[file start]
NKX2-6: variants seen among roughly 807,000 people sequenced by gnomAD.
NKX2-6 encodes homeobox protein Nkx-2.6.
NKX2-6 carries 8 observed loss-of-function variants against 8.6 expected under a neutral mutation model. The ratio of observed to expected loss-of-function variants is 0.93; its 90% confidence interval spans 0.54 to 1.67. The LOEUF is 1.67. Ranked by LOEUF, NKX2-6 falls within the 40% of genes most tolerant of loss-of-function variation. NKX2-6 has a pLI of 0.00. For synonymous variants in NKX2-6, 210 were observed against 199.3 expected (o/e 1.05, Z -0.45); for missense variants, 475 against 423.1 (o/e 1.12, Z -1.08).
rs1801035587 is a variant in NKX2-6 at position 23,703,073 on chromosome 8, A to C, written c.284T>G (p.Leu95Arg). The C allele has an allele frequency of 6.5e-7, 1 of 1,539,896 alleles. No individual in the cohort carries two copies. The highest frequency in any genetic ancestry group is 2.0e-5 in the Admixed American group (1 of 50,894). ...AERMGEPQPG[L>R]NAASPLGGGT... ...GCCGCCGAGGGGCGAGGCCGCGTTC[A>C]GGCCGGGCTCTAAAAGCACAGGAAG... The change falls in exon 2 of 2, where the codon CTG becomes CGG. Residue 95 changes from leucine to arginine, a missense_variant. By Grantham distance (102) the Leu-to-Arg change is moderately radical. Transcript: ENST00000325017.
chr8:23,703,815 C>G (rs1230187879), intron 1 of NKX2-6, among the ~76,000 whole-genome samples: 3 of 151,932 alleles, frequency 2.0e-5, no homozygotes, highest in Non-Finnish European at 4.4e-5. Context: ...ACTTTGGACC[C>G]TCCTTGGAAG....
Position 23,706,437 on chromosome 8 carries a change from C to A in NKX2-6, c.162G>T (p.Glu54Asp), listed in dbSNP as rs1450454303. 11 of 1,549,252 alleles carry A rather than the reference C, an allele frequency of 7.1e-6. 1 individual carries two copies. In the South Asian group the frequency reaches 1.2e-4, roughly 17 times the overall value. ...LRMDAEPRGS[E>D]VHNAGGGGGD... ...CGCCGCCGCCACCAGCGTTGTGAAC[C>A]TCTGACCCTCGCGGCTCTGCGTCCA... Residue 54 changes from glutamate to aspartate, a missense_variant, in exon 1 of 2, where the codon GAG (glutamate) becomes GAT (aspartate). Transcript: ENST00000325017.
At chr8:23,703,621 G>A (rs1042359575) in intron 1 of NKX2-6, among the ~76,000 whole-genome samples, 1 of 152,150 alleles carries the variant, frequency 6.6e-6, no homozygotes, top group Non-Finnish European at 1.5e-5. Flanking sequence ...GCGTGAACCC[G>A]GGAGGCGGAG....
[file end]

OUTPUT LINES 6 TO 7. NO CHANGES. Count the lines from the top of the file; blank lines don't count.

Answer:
Position 23,706,437 on chromosome 8 carries a change from C to A in NKX2-6, c.162G>T (p.Glu54Asp), listed in dbSNP as rs1450454303. 11 of 1,549,252 alleles carry A rather than the reference C, an allele frequency of 7.1e-6. 1 individual carries two copies. In the South Asian group the frequency reaches 1.2e-4, roughly 17 times the overall value. ...LRMDAEPRGS[E>D]VHNAGGGGGD... ...CGCCGCCGCCACCAGCGTTGTGAAC[C>A]TCTGACCCTCGCGGCTCTGCGTCCA... Residue 54 changes from glutamate to aspartate, a missense_variant, in exon 1 of 2, where the codon GAG (glutamate) becomes GAT (aspartate). Transcript: ENST00000325017.
At chr8:23,703,621 G>A (rs1042359575) in intron 1 of NKX2-6, among the ~76,000 whole-genome samples, 1 of 152,150 alleles carries the variant, frequency 6.6e-6, no homozygotes, top group Non-Finnish European at 1.5e-5. Flanking sequence ...GCGTGAACCC[G>A]GGAGGCGGAG....